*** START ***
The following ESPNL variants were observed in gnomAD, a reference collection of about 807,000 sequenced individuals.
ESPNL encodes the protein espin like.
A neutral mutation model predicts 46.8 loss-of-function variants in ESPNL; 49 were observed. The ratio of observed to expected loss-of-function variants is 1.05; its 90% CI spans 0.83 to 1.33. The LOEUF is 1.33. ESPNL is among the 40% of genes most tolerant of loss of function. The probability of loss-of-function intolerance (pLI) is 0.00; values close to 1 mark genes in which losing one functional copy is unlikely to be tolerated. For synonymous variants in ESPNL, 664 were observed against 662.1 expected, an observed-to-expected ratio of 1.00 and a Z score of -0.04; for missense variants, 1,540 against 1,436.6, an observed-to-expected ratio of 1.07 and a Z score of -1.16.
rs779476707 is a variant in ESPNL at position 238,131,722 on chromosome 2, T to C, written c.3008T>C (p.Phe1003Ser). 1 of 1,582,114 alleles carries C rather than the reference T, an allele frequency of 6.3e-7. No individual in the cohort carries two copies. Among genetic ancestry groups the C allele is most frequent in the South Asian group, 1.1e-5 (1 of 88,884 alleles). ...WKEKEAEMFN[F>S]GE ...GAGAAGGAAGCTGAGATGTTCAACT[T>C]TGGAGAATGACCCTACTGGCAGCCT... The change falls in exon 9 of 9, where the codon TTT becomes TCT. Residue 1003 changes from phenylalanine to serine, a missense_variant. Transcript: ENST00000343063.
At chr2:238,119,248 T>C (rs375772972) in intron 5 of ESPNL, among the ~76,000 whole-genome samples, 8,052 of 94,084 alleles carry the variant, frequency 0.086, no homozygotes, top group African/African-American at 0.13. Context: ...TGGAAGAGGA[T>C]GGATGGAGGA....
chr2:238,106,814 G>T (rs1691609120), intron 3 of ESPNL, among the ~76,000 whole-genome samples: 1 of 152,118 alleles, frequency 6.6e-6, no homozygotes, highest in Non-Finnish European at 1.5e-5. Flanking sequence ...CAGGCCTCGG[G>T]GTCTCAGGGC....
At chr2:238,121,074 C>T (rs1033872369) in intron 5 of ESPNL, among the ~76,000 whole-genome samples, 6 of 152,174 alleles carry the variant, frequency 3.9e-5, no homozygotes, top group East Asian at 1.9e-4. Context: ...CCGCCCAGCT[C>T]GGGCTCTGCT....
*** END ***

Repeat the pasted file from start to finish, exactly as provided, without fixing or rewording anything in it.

The following ESPNL variants were observed in gnomAD, a reference collection of about 807,000 sequenced individuals.
ESPNL encodes the protein espin like.
A neutral mutation model predicts 46.8 loss-of-function variants in ESPNL; 49 were observed. The ratio of observed to expected loss-of-function variants is 1.05; its 90% CI spans 0.83 to 1.33. The LOEUF is 1.33. ESPNL is among the 40% of genes most tolerant of loss of function. The probability of loss-of-function intolerance (pLI) is 0.00; values close to 1 mark genes in which losing one functional copy is unlikely to be tolerated. For synonymous variants in ESPNL, 664 were observed against 662.1 expected, an observed-to-expected ratio of 1.00 and a Z score of -0.04; for missense variants, 1,540 against 1,436.6, an observed-to-expected ratio of 1.07 and a Z score of -1.16.
rs779476707 is a variant in ESPNL at position 238,131,722 on chromosome 2, T to C, written c.3008T>C (p.Phe1003Ser). 1 of 1,582,114 alleles carries C rather than the reference T, an allele frequency of 6.3e-7. No individual in the cohort carries two copies. Among genetic ancestry groups the C allele is most frequent in the South Asian group, 1.1e-5 (1 of 88,884 alleles). ...WKEKEAEMFN[F>S]GE ...GAGAAGGAAGCTGAGATGTTCAACT[T>C]TGGAGAATGACCCTACTGGCAGCCT... The change falls in exon 9 of 9, where the codon TTT becomes TCT. Residue 1003 changes from phenylalanine to serine, a missense_variant. Transcript: ENST00000343063.
At chr2:238,119,248 T>C (rs375772972) in intron 5 of ESPNL, among the ~76,000 whole-genome samples, 8,052 of 94,084 alleles carry the variant, frequency 0.086, no homozygotes, top group African/African-American at 0.13. Context: ...TGGAAGAGGA[T>C]GGATGGAGGA....
chr2:238,106,814 G>T (rs1691609120), intron 3 of ESPNL, among the ~76,000 whole-genome samples: 1 of 152,118 alleles, frequency 6.6e-6, no homozygotes, highest in Non-Finnish European at 1.5e-5. Flanking sequence ...CAGGCCTCGG[G>T]GTCTCAGGGC....
At chr2:238,121,074 C>T (rs1033872369) in intron 5 of ESPNL, among the ~76,000 whole-genome samples, 6 of 152,174 alleles carry the variant, frequency 3.9e-5, no homozygotes, top group East Asian at 1.9e-4. Context: ...CCGCCCAGCT[C>T]GGGCTCTGCT....